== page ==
CK Friday Links--Friday September 14, 2012

Here's yet another selection of interesting links from around the internet. As always, I welcome your thoughts and your feedback.

PS: Follow me on Twitter!

Two deeply critical reviews of Wheat Belly. (No Gluten, No Problem and Evolutionary Psychiatry)

Food companies are motivated by what consumers want, not the other way around. (Chemicals In My Food)

Engage your critical thinking skills for this article: Why you'll be a vegetarian in 25 years, like it or not. (Fooducate)

An absolutely adorable snack that won't crush your daily calorie count. (Owlhaven)

Recipe Links:
Looking for a ton of Pressure Cooker recipes? Here's your go-to resource. (Dad Cooks Dinner)

I'm obsessed with this Four Herb Pecan Pesto too. (21st Century Urban Pioneers)

Want to make your own homemade Flavored Salts? Here's how. (Table Matters)

Off-Topic Links:
Why does an artist in a white tent craft fair have less credibility than an artist hanging on a white wall in a museum? (Ask Harriete) Bonus Post: Craft fairs devalue handcrafted art.

Read this post, and you'll never get trapped by The Worst Argument In The World. (Less Wrong)

How do you interpret Robert Frost's poem The Road Not Taken? (Zen Pencils,via Alosha's Kitchen)

Do you have an interesting article or recipe that you'd like to see featured in Casual Kitchen's Food Links? Send me an email!

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chacha1 said...

I'll be coming back to these links later if time permits, but for now just let me say ... with regard to Harriete's piece, I prefer craft fairs to gallery shows. I think the process of modern art selection works against accessible artists. And since I don't happen to like "critic-friendly" art (i.e. art that requires a critic to explain it to you) ... well.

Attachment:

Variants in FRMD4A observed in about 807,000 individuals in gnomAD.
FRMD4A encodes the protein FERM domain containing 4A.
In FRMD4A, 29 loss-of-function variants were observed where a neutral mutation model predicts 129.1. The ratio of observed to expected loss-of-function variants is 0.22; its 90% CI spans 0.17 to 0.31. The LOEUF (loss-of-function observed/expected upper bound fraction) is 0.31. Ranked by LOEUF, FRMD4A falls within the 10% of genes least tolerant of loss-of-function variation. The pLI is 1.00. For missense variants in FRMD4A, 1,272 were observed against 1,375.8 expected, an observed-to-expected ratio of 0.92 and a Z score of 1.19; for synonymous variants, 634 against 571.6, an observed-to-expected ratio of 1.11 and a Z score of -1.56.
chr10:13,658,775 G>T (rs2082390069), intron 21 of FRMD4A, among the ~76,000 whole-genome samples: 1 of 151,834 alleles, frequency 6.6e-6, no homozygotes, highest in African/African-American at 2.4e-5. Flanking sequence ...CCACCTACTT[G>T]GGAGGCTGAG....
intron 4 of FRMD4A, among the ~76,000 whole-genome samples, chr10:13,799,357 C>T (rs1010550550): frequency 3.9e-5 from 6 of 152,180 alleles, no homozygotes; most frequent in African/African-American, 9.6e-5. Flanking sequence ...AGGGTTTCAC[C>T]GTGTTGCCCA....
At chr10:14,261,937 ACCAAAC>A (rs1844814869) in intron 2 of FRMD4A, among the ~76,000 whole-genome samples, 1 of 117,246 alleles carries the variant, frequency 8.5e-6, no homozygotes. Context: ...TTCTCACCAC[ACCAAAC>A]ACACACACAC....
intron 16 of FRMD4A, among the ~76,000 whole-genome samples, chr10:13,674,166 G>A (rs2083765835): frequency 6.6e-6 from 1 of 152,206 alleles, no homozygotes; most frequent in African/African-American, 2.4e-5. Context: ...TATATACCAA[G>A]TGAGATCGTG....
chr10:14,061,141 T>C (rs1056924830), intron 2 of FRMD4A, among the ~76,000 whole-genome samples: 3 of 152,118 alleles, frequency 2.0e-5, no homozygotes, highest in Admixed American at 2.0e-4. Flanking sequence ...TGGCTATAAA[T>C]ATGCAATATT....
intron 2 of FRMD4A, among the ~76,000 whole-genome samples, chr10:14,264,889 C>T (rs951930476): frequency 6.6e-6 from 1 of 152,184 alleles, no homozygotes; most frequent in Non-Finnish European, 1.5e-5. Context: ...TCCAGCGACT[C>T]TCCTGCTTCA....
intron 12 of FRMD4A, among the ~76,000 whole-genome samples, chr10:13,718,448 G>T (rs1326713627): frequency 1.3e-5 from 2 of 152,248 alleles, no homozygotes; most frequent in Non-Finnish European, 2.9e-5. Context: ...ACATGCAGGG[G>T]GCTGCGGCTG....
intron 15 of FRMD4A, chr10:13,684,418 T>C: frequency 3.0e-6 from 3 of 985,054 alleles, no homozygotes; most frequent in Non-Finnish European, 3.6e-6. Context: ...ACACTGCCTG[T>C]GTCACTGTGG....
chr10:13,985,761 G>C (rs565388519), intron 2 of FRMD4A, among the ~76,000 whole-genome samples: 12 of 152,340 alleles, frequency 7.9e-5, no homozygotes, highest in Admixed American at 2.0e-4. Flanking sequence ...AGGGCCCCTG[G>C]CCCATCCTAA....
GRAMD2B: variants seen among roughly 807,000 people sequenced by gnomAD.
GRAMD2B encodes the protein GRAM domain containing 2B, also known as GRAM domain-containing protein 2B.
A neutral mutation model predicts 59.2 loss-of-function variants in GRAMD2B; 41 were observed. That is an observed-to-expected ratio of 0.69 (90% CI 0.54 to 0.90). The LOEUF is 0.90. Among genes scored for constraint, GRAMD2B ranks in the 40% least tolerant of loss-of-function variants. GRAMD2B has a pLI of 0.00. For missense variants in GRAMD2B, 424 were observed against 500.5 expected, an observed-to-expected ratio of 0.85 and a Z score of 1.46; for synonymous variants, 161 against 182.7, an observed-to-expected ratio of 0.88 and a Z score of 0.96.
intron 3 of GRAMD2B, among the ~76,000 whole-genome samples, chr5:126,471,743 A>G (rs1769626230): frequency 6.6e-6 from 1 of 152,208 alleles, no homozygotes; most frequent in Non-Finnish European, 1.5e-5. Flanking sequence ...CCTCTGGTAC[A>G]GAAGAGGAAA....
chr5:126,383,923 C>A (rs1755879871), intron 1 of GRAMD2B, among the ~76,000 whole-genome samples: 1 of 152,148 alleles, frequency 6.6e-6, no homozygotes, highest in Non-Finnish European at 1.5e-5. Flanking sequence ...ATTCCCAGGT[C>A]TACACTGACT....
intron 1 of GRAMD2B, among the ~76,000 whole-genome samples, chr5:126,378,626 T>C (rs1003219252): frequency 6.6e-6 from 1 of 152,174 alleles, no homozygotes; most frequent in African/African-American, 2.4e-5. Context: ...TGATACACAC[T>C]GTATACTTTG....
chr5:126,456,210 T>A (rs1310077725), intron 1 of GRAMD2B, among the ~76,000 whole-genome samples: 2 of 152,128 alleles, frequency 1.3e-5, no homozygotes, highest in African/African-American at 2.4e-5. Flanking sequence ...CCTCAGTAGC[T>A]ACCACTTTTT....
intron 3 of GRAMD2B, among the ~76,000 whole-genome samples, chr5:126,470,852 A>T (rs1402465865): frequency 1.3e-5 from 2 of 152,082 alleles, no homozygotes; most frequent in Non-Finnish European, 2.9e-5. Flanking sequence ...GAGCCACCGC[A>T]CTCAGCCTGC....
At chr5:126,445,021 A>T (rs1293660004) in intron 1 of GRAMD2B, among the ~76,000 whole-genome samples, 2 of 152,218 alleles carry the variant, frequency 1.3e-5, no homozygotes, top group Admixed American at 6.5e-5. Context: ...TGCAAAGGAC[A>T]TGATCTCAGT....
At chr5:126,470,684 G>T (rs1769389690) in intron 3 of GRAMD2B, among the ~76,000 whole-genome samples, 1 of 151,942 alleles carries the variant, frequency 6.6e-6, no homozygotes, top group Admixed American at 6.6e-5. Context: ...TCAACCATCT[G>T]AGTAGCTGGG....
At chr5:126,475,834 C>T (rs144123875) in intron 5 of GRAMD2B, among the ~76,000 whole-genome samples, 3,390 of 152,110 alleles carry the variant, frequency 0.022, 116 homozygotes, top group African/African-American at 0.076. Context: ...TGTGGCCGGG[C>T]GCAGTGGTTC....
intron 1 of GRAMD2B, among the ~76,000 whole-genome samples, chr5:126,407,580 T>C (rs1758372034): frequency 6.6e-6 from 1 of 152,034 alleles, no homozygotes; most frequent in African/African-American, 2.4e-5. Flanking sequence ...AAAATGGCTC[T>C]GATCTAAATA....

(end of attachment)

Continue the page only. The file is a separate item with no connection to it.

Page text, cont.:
As to Fooducate and the mandatory vegetarianism of the future ... I doubt it. In 25 years I'll be 72. I have no doubt that meat will be more expensive than it is now. I don't, however, think that Americans will be meatless.

I personally will probably depend even more heavily on eggs and dairy than I do now (I would starve without dairy) but there is a whole lot of empty country in the U.S. and the food industry is not so stupid that they won't find ways to raise marketable quantities of food animals.

These may not be the supersized factory turkeys, pigs, and cows of 2012. They may be heritage birds and wild boar and bison. But that, in my opinion, would be a good thing.

Daniel said...

The "you'll be a vegetarian in 25 years whether you like it or not" article fascinated me because it is a flawless example of Malthusian thinking. People always forget exogenous factors or the potential for innovation, and they assume that the pie is always fixed. I guess we'll see how it plays out, but I am betting meat will cost about the same in the future too.

For those who don't agree, google "Simon-Ehrlich wager."

As for the craft fairs vs museums article, I thought it was a fascinating issue and I had a big debate about it with some friends and family on Facebook. I agree with you: I don't want an artist interpreted for me either--in any artistic domain. I guess that's why I was never a fan of artists like Motherwell or Rothko. :)

Great thinking Chacha!


chacha1 said...

p.s. I love the two Wheat Belly smackdowns. :-)

Sally said...

I enjoyed the review of Wheat Belly. To quote:

The book was received essentially as gospel. Why?

In my opinion, there are three main reasons:

1. It's written by an M.D., which adds a patina of credibility to the book's claims,
2. It's filled with endnotes of citations that reference scientific peer-reviewed publications, and
3. Its message—to "lose the wheat, lose the weight, and find your path back to health"—already agrees with the world view of many in the GF community (that wheat and gluten equals bad).

But as you'll see, those three factors are dangerous. They build a facade of trust and credibility. They cause us to let down our guard; to cease being the critically-thinking readers that we ought to be. And sometimes, that means we fail to question information that is suspect; we unknowingly accept and perpetuate a myth; we fall victim to false information.

If you change the name of the author, the specific dietary community and the toxic food/food groups, this applies to all popular "science-based" diet books.

I think the last paragraph says it all. It sums up what has happened to us over the last century, but especially in the last 40 years or so. We stopped paying attention to culture and tradition and started trusting "experts" without question. It hasn't served us well.

Daniel said...

Sally, great, great comment. And your statement about trusting "experts" without question gets at why I started writing Casual Kitchen in the first place. Thanks for taking the time to share your thoughts.